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This week I had the deep satisfaction of seeing respectful debate arise among MomsRising members about whether or not the Imus petition was within the MomsRising agenda. It's wonderful to hear our members speak passionately about our shared mission.

I want to share the process by which we came to the petition because it is the product of an important dialog within MomsRising core team that brought us all to a deeper understanding of our work at MomsRising and our connection to each other. The outcome was the E-outreach we sent on Wednesday, the day the sad faces of the young women of the Rutgers Women's basketball team were on the front page of the New York Times. The discussion started Tuesday when one member of our team sent a query to all asking whether we should respond to the comments made by Don Imus. Many of us weren't sure that this issue had a strong enough connection to the MomsRising mission. Then Anita--new mom of a beautiful bi-racial baby girl--spoke. Her words were gentle but strong: this hurt her, as a mother. She was clear that she was ready to work for a culture that would not tolerate this kind of public entertainment, for soon her daughter would grow old enough to experience the indignity, the hurt. Our team has diverse voices and, as we dug in, we came to the conclusion that, indeed, as a voice for mothers and as mothers ourselves, we should speak up and condemn Imus'public humiliation of the young Rutgers women.

Our petition read: "Mothers of all colors must come together to build a culture that is respectful to our children, girls and boys. The comments that Imus made on the radio about Rutgers University Women's basketball team were horrifyingly inappropriate, and he should be fired."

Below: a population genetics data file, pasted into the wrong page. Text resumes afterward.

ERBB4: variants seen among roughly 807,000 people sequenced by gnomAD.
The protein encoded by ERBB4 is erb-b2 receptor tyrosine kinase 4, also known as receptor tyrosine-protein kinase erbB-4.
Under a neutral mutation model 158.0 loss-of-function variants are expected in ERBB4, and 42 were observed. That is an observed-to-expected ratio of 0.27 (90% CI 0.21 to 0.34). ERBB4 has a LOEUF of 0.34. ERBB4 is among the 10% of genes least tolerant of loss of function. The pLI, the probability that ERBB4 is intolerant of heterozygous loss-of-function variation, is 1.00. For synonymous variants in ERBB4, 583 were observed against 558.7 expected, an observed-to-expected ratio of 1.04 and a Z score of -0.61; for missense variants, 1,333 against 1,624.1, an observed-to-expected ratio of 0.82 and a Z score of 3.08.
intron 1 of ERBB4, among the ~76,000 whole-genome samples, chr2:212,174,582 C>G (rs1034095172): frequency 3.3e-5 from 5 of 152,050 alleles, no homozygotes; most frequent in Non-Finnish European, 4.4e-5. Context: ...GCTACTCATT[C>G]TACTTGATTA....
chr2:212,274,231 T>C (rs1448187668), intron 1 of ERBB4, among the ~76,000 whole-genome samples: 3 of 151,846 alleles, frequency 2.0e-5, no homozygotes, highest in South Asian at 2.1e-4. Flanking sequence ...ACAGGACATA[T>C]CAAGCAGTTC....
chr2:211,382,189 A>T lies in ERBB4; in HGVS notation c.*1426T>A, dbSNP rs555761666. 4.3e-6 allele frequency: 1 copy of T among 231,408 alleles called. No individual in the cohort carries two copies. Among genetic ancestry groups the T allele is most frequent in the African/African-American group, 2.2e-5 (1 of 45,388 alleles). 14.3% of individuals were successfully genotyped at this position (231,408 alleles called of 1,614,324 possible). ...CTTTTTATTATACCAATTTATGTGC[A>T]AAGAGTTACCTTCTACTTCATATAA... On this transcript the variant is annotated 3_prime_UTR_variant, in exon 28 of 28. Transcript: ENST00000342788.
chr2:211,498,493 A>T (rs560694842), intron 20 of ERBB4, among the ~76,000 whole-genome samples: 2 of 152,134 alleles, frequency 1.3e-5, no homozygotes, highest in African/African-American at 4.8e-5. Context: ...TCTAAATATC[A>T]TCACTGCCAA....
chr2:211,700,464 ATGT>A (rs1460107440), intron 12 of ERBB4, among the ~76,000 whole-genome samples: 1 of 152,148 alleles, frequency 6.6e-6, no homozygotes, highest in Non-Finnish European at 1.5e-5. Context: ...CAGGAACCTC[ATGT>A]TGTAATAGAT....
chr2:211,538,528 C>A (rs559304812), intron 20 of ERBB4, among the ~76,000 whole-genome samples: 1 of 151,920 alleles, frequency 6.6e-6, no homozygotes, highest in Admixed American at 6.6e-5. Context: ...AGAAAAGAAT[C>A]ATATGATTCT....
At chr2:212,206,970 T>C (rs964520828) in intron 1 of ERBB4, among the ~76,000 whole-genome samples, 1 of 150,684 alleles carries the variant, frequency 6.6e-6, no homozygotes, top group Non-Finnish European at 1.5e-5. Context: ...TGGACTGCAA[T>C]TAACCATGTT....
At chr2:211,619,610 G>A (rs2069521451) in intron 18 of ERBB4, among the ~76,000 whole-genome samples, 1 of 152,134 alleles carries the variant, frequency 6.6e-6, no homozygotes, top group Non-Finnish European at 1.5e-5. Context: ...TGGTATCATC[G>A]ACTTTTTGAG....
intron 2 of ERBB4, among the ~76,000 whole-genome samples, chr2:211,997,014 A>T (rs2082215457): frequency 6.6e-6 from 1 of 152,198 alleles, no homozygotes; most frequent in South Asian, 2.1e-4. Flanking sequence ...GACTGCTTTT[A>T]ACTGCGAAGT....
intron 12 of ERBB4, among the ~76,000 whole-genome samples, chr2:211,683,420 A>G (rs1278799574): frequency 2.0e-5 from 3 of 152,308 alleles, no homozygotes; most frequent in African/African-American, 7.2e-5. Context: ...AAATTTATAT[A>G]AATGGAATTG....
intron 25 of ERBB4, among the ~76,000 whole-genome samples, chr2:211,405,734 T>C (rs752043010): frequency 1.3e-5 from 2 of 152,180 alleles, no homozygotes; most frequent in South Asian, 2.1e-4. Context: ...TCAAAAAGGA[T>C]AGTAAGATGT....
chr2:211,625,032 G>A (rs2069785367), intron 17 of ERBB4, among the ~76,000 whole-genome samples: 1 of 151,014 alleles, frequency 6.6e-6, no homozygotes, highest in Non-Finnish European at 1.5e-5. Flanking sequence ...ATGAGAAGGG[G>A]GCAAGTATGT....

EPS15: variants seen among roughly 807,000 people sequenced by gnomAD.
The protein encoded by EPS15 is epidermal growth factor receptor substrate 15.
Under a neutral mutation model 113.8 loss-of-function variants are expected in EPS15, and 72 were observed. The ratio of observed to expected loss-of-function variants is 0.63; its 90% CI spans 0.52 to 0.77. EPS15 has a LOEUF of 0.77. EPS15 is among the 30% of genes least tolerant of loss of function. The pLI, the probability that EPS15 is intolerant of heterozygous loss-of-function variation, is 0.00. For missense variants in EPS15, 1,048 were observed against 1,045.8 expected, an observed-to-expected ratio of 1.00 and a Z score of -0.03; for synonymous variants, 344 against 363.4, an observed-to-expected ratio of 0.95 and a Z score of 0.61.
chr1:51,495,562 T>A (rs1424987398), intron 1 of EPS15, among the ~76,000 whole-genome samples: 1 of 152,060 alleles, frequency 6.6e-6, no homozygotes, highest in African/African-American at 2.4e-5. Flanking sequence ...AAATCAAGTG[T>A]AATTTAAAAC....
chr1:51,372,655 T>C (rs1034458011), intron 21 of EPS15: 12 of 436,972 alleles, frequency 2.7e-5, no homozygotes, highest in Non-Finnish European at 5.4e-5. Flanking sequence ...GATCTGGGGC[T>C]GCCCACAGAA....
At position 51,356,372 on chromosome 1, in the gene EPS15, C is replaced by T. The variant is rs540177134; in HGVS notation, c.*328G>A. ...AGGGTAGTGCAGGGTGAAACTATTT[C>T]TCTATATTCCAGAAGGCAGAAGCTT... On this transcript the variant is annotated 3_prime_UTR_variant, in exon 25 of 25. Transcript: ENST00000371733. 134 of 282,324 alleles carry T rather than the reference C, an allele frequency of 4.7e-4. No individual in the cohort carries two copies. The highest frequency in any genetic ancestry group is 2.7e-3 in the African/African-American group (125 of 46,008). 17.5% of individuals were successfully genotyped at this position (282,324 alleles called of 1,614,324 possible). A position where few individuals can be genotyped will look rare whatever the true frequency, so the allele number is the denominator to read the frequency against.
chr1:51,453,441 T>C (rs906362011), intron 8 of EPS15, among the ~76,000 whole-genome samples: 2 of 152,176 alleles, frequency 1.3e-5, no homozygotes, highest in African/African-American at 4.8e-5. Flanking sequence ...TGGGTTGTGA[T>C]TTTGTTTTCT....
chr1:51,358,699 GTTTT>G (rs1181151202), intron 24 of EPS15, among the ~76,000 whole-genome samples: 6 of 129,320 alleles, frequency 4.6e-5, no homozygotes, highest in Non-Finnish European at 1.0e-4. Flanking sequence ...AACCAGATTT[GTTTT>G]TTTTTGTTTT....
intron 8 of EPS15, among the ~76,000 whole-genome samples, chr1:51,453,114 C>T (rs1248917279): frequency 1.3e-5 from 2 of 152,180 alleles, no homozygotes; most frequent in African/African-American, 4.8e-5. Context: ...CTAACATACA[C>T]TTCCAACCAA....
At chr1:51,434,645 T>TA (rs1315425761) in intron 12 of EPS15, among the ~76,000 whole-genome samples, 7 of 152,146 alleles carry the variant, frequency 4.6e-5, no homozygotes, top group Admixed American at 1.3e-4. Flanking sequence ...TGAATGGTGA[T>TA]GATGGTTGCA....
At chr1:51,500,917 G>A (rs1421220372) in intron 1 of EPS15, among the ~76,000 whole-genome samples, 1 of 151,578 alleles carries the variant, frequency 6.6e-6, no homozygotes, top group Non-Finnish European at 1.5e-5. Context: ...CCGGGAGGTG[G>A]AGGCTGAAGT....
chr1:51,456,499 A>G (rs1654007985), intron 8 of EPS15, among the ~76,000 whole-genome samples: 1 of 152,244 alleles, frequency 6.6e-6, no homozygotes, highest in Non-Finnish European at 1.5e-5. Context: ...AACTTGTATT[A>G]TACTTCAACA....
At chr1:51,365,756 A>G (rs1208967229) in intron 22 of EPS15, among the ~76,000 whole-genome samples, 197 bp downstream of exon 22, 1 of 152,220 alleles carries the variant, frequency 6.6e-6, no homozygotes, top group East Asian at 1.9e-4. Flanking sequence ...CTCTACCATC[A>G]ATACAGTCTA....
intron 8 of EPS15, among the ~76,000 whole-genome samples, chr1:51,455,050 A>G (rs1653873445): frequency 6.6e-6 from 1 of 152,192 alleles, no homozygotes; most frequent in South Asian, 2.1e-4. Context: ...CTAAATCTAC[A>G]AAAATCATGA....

Over 4000 people signed this petition. A number of MomsRising members wrote to say that they did not approve. I wish that we were able to include everyone in the heart-felt dialog that guided our decision. I want to acknowledge that some MomsRising members thought we overstepped our mission. Part of our team's conversation centered on fact that "TV We Choose and Other After-School Programs" is the 4th point in The Motherhood Manifesto and thus the Imus incident falls into our scope of work. The media has a profound effect upon our children's lives and we believe we must have a say in what content our children are exposed to.

We learned late this week that Don Imus did lose his job. By working in coalition with civil rights, media advocacy, and women's rights organizations, we have a powerful influence on media content. While some people feel that "shock jocks" are to be a tolerated (if not accepted) part of our media culture, we feel that making harmful comments about young women is not acceptable. We can not allow our children to be undermined for the sake of entertainment. This is not government censorship. This is citizen consumers of the media saying, "Some kinds of speech harm us all," and demanding appropriate consequences.

Thank you all. We will do our best to bring you opportunities to work on issues important to supporting our families; and if at times those opportunities don't strike some of you as the right fit, please remember that this work of building a family-friendly America is all about respecting our differences as well as our shared goals. We deeply appreciate your participation in this dialog and work.

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